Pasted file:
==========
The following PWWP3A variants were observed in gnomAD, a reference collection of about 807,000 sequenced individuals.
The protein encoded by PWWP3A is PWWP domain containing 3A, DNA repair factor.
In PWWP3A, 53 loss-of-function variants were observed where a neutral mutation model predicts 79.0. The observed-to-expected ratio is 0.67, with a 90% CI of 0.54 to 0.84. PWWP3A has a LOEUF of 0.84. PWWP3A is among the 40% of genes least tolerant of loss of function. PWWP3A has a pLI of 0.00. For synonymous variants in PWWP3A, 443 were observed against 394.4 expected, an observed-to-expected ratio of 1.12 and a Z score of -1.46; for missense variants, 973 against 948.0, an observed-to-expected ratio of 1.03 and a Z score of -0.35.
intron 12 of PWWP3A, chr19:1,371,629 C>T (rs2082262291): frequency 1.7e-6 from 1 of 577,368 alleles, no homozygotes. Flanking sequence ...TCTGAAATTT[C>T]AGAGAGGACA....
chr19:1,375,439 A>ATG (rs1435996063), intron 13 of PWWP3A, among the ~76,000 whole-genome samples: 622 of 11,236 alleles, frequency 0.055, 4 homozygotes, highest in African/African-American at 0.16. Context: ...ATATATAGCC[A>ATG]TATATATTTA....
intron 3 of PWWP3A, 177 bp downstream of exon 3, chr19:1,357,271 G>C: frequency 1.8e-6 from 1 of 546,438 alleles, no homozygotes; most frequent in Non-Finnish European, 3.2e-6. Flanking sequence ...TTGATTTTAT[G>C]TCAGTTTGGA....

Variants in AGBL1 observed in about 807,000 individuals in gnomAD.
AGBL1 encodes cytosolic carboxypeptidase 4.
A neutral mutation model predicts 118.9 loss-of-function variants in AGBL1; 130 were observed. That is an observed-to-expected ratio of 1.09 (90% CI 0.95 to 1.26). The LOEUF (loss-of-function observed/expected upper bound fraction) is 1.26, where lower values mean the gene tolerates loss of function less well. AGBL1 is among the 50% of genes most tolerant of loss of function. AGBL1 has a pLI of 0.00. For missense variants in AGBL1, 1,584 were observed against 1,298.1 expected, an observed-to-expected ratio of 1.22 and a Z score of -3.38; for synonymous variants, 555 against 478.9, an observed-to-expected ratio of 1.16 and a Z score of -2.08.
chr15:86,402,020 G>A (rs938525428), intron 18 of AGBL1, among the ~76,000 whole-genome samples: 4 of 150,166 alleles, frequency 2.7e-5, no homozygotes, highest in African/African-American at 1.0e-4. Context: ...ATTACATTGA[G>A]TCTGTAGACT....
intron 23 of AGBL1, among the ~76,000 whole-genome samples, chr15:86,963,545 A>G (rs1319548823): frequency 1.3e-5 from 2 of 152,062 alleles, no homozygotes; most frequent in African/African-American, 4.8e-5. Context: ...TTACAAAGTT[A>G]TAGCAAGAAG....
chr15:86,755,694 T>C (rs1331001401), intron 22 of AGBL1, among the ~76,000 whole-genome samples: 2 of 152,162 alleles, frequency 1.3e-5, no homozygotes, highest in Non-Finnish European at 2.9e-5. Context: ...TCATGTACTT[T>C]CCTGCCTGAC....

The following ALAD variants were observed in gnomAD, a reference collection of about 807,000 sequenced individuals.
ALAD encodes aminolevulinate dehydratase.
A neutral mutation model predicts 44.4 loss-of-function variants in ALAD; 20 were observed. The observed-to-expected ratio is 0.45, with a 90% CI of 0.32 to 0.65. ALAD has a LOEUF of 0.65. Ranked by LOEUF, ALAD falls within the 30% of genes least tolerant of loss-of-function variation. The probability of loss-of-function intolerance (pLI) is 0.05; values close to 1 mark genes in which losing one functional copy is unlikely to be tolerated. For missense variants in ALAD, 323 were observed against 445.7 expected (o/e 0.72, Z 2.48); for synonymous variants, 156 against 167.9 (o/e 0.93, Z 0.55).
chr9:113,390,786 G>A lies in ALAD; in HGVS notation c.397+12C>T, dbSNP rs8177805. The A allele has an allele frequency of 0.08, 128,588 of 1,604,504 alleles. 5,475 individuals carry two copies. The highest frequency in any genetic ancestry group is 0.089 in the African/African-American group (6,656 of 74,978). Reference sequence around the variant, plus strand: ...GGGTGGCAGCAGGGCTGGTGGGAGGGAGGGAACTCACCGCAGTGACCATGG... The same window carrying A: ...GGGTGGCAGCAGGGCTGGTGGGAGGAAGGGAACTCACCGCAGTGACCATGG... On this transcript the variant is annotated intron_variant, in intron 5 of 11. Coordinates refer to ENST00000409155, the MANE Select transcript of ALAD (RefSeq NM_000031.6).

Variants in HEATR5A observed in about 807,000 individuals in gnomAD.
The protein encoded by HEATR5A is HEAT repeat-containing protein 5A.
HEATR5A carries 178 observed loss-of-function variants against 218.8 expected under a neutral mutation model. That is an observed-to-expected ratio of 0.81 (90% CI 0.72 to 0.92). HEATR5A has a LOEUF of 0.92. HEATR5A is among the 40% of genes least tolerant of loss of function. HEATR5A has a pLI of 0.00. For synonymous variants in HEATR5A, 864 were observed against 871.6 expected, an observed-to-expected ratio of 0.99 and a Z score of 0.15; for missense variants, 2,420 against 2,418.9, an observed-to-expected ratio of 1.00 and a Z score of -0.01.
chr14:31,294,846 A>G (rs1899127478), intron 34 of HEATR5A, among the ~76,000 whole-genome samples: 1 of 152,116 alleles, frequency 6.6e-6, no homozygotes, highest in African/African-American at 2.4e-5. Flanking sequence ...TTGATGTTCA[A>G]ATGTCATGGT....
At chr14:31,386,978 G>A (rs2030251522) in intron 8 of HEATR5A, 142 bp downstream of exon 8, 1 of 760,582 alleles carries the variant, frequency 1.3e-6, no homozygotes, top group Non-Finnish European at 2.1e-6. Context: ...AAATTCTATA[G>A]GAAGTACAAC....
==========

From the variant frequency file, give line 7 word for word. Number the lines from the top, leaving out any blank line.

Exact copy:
Variants in AGBL1 observed in about 807,000 individuals in gnomAD.